Sizewell C is set to be the latest in the UK’s new generation of nuclear power stations. The manufacturing cost has been estimated at £20bn and will take approximately 10 years to build, with a completion date of 2031.
The proposed site in Suffolk will generate enough low-carbon power to fuel six million homes, creating thousands of jobs in the process.
But as with any major infrastructure project, environmental mitigation is essential. Under current plans an Acoustic Fish Deterrent (AFD) is not included in the mitigation measures.
Large quantities of commercially valuable fish are present in the area, and an AFD is key to the protection of fragile species such as sprat from the station’s cooling water intakes. Without the installation of an AFD millions of fish will be killed each year when they are sucked into the power stations cooling system. Including an AFD into the Development Consent Order (DCO) for Sizewell C will help reduce the entrainment of sprat and other fragile fish into the intake.
Deploying the Best Available Technology
Sizewell C represents a significant capacity increase on the two previous stations at this site. It will require huge volumes of seawater for plant cooling, drawn from intakes situated 3km offshore.
However, the Environment Agency has expressed concern over the removal of planned AFD technology in consultations on the project’s cooling water system.
Previous Environment Agency reports have confirmed direct seawater cooling as the Best Available Technology for the new nuclear plant, with AFDs and fish recovery and return technology working in tandem. However, if Sizewell C has to rely on the suggested fish recovery and return system alone, fragile pelagic fish including herring, sprat and anchovy have an estimated survival rate of 0%.
If the consent order ultimately issued for Sizewell C does not include a similar provision, there will be a significant threat to fish stocks along the Suffolk coast for the next 60 years.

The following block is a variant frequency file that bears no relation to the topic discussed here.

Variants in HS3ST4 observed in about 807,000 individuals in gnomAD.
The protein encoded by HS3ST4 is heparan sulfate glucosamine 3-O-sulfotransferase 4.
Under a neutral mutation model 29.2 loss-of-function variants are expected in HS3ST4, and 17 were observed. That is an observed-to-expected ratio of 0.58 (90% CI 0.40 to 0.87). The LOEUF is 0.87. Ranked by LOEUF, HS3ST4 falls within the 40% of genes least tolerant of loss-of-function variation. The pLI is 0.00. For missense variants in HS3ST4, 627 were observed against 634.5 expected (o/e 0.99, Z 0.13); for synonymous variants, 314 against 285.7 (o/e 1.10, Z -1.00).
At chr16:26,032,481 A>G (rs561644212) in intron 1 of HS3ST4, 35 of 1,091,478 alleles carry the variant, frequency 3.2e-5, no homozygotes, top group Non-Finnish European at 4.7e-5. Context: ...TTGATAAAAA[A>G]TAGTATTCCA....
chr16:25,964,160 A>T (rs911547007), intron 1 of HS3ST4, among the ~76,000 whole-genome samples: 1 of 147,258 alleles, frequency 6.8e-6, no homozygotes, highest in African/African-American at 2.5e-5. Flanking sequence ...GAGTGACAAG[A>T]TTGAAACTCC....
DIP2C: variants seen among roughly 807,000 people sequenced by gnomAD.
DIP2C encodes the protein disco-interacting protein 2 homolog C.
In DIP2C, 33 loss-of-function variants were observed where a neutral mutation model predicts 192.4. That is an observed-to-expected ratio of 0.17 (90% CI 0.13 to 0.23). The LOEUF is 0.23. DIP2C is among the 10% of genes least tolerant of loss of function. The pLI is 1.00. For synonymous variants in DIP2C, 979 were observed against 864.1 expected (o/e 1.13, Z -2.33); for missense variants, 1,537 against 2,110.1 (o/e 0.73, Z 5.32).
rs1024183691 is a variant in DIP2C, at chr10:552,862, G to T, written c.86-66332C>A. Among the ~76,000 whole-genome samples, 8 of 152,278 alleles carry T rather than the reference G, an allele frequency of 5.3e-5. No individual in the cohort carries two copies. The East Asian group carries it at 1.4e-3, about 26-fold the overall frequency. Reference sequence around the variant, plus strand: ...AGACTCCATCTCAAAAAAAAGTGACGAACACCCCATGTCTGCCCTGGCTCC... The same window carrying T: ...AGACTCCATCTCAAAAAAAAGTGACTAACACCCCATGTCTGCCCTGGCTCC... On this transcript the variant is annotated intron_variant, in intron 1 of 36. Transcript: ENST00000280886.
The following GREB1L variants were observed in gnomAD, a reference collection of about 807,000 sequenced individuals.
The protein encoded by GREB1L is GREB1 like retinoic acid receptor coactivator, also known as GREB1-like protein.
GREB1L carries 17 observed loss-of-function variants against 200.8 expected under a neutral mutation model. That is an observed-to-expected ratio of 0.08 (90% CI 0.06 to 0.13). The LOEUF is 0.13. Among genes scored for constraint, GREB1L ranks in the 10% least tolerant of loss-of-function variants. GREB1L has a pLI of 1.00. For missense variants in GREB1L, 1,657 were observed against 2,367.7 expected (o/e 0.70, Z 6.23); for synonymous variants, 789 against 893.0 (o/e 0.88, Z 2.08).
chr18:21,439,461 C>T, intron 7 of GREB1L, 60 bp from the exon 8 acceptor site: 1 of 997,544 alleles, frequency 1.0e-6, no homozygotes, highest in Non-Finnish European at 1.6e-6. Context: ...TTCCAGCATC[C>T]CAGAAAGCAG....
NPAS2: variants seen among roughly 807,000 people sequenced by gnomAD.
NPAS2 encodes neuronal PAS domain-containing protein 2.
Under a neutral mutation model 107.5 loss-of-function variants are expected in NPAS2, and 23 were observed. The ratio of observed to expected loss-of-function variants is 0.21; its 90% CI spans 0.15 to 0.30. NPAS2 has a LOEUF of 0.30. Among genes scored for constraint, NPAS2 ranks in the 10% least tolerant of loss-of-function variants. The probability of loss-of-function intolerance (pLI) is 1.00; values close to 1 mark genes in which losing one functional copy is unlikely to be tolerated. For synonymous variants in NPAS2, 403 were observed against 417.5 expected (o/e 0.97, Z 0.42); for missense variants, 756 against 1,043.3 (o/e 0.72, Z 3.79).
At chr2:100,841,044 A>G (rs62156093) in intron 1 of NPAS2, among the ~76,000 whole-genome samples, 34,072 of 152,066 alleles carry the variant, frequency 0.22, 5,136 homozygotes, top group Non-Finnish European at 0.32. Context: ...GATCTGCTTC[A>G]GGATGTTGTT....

Understanding the impact
Sizewell C is a near replica of the Hinkley Point C station already in progress. This not only allows for more efficient construction, but also provides insight as to the approaches necessary to protect marine wildlife.
At Hinkley, an AFD was approved because it provides a warning signal to approaching fish, allowing them to detect and avoid intakes.
Without this measure, fragile species are at risk of damage from the tunnels, water channels and screens that make up the cooling system.
Similar measures at Sizewell C could save millions of fish each year over the 60-year lifespan of the station, as well as ensuring more effective cooling operations.
“These decisions will shape the future of aquatic protections at UK power stations for at least the next 60 years, and almost certainly beyond. We should not let the advances in environmental protection that have been made through careful research and development slip away because the industry prefers to take the easy route.”Dr Andy Turnpenny, Fisheries Scientist
To view the FGS presentation of AFD requirements to the Sizewell C DCO Public Enquiry, click the image below.
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